My First Challenge in Theater
On the plane to Afghanistan, over a 20 hour flight all together, I had lots of time to think about how I would react to my first leadership challenge as a combat platoon leader. Was I going to make an example of the enemy? Was I going to keep cool and calm under pressure? Would I listen to my NCOs?
Turns out my first leadership challenge in country was not from an enemy force, but from one of my own soldiers: his wife has already asked for a divorce. My first instict was, “It’s only been a week! What the heck is the problem!?” But after recalling our history with this particular individual, we knew that the soldier had been dismally irresponsible with his finances, putting both his wife and his newborn son in grave financial danger.
This would not be the first time. Right before deployment, this soldier had spent over $700 on alcohol and pornography after getting his paycheck in early July. He had just enough money left to keep his wife and kid healthy for the rest of the month before his next paycheck would cash in. I gave him a direct order to not spend a dime out of his bank account unless he had permission from the Platoon Sergeant, his wife, his section leader, or myself.
After the soldier shared news of the divorce, the Platoon Sergeant checked his email and found a message from the soldier’s wife explaining that their account had now mysteriously dropped to below $35 and wanted to know why. We knew something was up. My senior NCOs grabbed the soldier and searched every crevice on his person. We found a brand new PSP video game system that he had bought on our layover in Manas AFB…it was worth roughly $300, all the money his wife had left.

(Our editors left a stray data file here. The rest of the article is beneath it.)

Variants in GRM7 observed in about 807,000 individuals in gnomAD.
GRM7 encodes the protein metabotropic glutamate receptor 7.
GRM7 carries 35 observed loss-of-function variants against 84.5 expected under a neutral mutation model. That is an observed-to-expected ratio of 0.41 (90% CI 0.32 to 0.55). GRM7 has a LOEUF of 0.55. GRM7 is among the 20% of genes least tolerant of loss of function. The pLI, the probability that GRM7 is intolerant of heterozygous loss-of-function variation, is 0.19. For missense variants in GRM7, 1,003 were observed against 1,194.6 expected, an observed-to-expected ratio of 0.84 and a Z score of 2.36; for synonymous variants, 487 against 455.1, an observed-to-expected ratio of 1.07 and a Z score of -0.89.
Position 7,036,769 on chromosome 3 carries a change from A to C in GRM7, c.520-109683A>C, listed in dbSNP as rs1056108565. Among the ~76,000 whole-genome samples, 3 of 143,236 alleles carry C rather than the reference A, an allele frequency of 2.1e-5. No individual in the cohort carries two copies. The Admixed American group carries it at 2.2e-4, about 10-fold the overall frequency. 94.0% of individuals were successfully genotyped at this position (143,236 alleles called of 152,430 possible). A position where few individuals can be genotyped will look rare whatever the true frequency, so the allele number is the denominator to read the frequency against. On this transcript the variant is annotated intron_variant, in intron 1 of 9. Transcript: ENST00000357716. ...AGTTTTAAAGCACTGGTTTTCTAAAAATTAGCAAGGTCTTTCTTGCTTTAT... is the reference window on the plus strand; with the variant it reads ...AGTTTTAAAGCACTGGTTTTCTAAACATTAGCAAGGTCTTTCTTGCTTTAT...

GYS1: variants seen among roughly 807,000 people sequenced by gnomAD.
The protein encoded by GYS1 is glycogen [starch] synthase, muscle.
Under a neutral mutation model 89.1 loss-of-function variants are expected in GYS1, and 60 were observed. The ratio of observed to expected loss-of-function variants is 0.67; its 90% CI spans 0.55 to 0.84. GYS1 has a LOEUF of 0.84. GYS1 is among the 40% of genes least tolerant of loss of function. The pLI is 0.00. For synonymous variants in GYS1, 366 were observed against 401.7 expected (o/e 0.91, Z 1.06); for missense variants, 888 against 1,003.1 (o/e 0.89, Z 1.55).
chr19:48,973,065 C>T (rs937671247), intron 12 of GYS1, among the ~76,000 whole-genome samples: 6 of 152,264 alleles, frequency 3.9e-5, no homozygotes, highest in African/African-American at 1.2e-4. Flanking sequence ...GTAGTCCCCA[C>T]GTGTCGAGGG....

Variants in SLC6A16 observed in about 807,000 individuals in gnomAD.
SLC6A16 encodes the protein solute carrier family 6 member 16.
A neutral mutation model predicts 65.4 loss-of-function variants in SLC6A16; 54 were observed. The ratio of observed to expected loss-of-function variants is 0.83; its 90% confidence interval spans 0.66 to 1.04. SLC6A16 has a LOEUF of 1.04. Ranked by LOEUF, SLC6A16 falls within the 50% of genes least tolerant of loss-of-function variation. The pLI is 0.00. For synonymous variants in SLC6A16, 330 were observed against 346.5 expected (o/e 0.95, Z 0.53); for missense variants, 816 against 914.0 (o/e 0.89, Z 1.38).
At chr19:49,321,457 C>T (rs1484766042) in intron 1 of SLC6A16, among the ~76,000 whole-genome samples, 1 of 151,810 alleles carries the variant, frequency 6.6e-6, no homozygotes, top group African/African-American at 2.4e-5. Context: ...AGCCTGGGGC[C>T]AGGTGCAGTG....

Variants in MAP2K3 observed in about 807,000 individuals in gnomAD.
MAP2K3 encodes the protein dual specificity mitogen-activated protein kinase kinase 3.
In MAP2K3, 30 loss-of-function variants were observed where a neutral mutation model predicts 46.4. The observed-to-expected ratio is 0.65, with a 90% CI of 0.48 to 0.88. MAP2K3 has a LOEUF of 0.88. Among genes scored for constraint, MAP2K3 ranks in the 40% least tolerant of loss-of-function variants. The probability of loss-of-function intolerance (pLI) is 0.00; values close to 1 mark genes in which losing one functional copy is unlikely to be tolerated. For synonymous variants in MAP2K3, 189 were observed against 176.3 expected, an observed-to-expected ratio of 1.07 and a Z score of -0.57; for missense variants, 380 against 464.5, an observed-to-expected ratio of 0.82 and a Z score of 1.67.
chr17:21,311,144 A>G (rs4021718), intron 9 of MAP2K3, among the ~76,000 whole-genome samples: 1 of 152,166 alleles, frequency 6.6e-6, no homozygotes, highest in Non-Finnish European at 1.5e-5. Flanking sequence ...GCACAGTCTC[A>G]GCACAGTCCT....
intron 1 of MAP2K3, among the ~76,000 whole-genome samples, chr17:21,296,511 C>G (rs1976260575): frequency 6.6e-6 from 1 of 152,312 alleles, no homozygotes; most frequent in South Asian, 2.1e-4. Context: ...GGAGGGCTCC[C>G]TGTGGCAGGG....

The soldier took a verbal beating from the senior NCO leadership that would make any self-respecting man cry. My NCOs pride themselves on being Good Men. They may be crude and hardnosed, but they are good fathers and good husbands who passionately take care of their famlies. In their eyes, if you couldn’t take care of someone you were supposed to love, how could you be trusted to take care of your fellow soldiers in a fight?
When the berating ceased, I saw the soldier’s head drop as he crawled into his bed in the fetal position.
Several thoughts ran through my mind. First, I was pissed. Because of one grossly irresponsible soldier, my senior NCOs (the backbone of my platoon) were now spending their time and effort babysitting a grown man because we flat out could not trust him. Next, I grew concerned. This soldier could be edging on depression. He no longer had anyone to come to; no one to miss him while he was gone. He didn’t have any money. He was on his 2nd failed relationship. He now had two kids from two different mothers, neither of whom would be allowed to see him upon his return. “Is this someone I want running around a war zone with live ammunition?” I made sure the Platoon Sergeant understood my concerns, and we agreed we just have to take it one day at a time, and keep a close eye on the soldier. At the end of the day, there’s not much more we can do.
The moral of the story, for all the junior officers reading this, is to take a proactive role in managing your soldiers’ personal lives. As leaders in combat, we need every ounce of a soldiers focus on the mission. We thrive on trust in ourselves and each other. When distractions like money, divorces, childsupport payments, and lawsuits get in the way, the unit is inherently weaker because a soldier’s focus is naturally divided, and his brothers must pick up the slack. I know my platoon sergeant did all he could to help this soldier, often at the cost of his personal time with his own family. I’m not sure what more we could have done, but we now have an internal issue to mind through the tour.
Other than that, things are great. The boys are in good spirits, we’re getting more cohesive as a unit, and we’re finally starting to acclimate to the heat. More to follow!